By 2030, adults over 65, “silvers,” are projected to be the largest age group in the United States. Silvers are currently the dominant age group in Japan, Germany, Italy, and several Eastern European countries. This population is also rapidly adopting new media — the majority now own smartphones, nearly three-quarters use the internet regularly, and two-thirds report using social media platforms. While these technologies have the capability to do substantial good for silvers (e.g., facilitating social connectedness, easy access to information), silvers are disproportionately targeted by harmful and deceptive content online, including fake news, phishing, and a variety of sophisticated scams. Exposure to this content can be psychologically distressing, deteriorate trust in media and other institutions, and, in some cases, lead to devastating financial loss.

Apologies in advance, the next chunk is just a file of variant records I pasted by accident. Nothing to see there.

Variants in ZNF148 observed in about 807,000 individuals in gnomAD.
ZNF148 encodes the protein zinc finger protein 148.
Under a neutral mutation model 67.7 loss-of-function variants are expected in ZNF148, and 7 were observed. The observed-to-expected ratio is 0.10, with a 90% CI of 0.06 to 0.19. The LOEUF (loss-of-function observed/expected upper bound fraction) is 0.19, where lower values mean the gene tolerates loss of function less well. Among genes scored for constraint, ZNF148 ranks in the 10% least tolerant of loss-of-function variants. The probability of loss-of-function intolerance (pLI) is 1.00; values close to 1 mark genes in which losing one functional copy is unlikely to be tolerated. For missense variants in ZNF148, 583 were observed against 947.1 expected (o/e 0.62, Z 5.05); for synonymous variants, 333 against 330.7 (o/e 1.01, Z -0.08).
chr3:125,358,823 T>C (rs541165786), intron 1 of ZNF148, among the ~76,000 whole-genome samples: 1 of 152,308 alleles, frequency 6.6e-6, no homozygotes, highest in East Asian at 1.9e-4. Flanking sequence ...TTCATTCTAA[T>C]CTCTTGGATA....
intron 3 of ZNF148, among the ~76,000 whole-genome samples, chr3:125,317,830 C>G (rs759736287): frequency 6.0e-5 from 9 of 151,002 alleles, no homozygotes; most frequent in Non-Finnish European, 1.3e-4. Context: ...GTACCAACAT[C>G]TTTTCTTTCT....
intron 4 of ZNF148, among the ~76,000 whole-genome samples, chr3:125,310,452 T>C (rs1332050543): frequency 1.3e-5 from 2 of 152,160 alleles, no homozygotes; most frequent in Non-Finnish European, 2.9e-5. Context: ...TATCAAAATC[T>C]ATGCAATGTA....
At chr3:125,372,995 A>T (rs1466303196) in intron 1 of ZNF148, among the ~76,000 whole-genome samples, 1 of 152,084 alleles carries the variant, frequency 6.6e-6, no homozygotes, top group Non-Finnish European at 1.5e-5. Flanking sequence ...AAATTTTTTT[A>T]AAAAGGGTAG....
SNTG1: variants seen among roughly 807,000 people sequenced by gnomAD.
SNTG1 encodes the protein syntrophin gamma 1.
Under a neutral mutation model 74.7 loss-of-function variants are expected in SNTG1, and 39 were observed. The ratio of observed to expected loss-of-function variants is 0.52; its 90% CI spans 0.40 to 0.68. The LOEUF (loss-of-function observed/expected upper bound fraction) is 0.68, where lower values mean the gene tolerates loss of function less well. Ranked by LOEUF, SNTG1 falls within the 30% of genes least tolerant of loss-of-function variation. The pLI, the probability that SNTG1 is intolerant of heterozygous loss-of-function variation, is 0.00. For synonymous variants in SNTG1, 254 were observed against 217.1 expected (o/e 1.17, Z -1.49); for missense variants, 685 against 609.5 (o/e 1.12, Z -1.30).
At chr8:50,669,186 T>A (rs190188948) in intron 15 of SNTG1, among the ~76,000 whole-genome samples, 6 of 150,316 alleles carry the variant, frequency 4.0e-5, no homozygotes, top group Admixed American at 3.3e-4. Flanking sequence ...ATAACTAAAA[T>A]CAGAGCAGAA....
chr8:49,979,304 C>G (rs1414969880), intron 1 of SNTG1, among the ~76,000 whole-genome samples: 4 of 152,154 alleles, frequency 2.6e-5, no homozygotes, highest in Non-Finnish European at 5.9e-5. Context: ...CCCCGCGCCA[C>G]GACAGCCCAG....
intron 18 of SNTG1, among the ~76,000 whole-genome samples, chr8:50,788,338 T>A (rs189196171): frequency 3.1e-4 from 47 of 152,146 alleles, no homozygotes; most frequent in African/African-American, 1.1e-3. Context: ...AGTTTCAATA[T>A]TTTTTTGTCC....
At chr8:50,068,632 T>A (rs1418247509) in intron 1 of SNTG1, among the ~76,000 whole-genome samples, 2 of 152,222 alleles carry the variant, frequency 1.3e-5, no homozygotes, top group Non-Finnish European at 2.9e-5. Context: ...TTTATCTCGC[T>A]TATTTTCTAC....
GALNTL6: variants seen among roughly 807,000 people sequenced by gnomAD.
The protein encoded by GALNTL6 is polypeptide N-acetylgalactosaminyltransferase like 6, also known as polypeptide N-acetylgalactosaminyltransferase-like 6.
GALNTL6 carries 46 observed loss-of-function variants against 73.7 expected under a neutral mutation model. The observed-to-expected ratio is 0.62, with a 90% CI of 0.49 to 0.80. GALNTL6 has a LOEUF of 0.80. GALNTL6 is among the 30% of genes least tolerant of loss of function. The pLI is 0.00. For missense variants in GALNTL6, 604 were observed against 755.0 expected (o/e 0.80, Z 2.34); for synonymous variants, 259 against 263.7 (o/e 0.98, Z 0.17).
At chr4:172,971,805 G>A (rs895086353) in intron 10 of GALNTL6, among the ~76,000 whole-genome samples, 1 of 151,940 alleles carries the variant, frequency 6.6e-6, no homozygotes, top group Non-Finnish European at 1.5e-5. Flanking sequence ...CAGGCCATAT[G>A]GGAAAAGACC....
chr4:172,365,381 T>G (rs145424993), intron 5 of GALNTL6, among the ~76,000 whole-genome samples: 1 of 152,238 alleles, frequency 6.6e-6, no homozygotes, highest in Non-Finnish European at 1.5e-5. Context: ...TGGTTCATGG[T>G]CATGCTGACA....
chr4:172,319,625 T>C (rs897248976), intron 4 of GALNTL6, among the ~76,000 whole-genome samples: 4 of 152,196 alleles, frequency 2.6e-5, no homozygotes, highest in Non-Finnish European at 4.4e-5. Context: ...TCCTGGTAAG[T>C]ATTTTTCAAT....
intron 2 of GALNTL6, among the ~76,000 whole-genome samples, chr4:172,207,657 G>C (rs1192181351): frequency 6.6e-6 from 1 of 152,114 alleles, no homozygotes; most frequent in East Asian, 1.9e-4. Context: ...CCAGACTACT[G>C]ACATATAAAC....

The Social Media Lab is currently working with not-for-profit senior-focused organizations in the Bay Area to better understand how silvers approach learning about new technologies through observation of technology tutoring programs (see above photo). In addition, we are collecting data on silvers’ consumption of fake news content in the lead up to the 2020 US presidential election to understand how disinformation targets seniors in today’s information ecosystem. The goal of this research program is to better understand what silvers think and feel about technology, how they engage with potentially harmful content online, and how we might be able to leverage the wisdom and experience of this population to empower them in their use of new technologies.